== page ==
Stock Market Forecasts: Total Crapola

"What can you learn from the top performing stocks of 2010?" Since that headline is in USA Today, the answer is automatically "nothing." The bigger question: can we learn anything from any stock market forecast, at all?

To the credit of USA Today finance columnist Matt Kranz, he points out that betting on last year's hottest stocks is a pretty shitty gamble. So in that sense, I guess what you can learn from the top performing stocks of 2010 is the concept of "reversion to the mean."

And since January is The Month of Forecasts, it's also worth reminding everyone: stock market forecasts are just made up crapola. Anyone who actually knew where the stock market was going would not be giving that information away for free. They would be too busy investing and becoming wildly rich, what with their magical, precise foreknowledge. We Googled "stock market forecast 2011." Here are the first three predictions:

  • "That leads me to believe the markets will remain range-bound, trading between 1100 and 1300 on the S&P over the course of the next year...For DOW watchers, that puts our expected range roughly between 10000 and 12000." [Ed.—Oh yea REAL BOLD prediction there.]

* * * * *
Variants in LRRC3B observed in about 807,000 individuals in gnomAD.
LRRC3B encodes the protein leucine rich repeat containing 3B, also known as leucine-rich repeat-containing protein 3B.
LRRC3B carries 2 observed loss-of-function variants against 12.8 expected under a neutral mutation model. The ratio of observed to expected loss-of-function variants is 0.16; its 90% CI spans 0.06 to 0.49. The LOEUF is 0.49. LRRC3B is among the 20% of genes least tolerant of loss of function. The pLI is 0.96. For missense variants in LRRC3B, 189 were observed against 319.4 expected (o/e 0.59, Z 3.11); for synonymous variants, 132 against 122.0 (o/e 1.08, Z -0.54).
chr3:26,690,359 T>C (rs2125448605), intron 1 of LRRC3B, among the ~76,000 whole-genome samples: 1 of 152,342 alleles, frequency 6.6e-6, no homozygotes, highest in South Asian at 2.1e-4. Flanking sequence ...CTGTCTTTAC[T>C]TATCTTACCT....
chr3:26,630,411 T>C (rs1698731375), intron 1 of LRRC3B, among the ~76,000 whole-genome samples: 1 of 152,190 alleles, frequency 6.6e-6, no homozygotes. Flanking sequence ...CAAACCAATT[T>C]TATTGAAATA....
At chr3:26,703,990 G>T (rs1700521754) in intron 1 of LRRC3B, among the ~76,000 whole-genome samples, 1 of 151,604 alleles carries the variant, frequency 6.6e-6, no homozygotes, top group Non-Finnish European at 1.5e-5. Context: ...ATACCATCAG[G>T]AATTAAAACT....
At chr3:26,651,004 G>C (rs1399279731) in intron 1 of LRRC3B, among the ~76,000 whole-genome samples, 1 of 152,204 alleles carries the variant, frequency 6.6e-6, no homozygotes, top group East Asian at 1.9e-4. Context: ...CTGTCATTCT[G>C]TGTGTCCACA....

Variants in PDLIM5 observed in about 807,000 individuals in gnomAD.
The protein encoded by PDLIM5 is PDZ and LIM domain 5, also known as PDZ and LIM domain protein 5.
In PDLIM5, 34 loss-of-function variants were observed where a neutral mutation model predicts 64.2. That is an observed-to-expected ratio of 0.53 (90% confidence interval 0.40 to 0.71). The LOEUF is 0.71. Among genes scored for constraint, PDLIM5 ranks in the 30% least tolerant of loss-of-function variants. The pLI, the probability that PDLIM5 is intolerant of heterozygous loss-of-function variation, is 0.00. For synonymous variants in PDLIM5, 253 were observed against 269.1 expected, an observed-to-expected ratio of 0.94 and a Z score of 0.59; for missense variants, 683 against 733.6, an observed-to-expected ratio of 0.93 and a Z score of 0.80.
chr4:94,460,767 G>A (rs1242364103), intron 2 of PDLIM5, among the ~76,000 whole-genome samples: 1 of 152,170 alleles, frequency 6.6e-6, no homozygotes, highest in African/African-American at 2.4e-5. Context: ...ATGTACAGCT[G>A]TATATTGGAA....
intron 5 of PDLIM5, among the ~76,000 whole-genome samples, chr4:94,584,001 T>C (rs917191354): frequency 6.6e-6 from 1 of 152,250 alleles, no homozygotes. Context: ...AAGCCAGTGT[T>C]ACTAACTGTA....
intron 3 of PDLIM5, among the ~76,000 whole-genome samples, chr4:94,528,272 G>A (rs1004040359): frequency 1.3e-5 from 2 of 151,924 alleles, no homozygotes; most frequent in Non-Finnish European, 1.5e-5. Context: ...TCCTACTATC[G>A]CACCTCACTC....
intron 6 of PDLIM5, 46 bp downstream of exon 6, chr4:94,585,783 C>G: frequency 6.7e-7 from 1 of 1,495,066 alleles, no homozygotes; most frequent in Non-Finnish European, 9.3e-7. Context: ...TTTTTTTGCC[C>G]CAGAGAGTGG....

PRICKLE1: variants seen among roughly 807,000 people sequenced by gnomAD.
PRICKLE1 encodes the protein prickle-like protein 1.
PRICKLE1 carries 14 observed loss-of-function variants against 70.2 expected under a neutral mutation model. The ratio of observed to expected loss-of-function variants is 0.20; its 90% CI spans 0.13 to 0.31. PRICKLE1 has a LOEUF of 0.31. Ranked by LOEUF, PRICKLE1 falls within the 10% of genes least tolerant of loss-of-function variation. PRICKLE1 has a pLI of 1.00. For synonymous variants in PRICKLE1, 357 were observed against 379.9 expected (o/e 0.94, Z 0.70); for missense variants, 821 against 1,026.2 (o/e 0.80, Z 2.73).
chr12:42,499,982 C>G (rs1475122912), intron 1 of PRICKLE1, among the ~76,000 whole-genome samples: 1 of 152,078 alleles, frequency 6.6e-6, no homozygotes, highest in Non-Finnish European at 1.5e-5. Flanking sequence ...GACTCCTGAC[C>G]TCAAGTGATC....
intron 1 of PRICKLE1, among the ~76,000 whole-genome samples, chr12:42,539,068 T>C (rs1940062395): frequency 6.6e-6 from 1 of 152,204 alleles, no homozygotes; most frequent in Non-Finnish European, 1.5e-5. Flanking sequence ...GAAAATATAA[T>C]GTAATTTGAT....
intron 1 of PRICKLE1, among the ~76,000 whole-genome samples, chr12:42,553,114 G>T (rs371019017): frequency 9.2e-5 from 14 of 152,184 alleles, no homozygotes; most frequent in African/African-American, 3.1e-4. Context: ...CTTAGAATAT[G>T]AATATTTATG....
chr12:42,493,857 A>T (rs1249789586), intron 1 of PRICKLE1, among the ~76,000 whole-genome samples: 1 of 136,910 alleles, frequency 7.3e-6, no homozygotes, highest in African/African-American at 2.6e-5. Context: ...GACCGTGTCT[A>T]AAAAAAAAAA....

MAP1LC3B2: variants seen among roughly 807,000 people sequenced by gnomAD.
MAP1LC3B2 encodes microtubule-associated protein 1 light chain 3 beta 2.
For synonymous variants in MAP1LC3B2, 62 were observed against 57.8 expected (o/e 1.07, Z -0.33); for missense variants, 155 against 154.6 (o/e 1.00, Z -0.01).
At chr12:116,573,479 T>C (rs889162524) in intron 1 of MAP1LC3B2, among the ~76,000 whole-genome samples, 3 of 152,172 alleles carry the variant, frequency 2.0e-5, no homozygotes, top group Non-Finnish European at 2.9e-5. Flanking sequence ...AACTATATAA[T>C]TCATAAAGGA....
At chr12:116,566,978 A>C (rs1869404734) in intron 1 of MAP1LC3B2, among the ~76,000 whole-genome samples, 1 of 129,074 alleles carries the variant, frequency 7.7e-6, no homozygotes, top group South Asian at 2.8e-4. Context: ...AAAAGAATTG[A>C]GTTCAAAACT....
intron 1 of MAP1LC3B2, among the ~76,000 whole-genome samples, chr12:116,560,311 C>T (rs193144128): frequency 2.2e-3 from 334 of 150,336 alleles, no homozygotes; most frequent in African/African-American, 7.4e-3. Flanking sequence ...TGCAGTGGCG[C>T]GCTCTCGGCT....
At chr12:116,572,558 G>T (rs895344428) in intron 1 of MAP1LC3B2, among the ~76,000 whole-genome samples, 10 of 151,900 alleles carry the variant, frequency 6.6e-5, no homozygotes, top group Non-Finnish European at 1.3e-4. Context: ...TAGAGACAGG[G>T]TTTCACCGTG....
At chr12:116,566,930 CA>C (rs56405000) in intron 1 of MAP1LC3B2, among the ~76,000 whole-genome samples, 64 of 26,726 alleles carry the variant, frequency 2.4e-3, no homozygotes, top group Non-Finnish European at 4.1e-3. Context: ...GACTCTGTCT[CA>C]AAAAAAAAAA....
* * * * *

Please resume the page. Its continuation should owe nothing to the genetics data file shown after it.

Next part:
• "Higher inflation and economic growth will be imported to the US as stocks rise by 20-25% in 2011."
  • And this place forecasts that the Dow will sink to 9,947 by August 2011. More precisely, they're 80% confident that it will be +/- 2,020(!) points from there.
What have we learned here? Forecasts are either so vague that they're not useful, or they're specific, but total guesswork. Found a forecaster who was correct last year? See if he can be correct five years in a row. The last few years of financial history strongly indicate no, he cannot. And if he can be even *moderately* accurate in long-term forecasting like that, he runs a hedge fund that charges entry fees far above what you can afford to invest. So forget it.

In conclusion, keep buying a balanced portfolio of low-cost index funds and holding them for 30 years, duh. And don't take financial advice from the internet.

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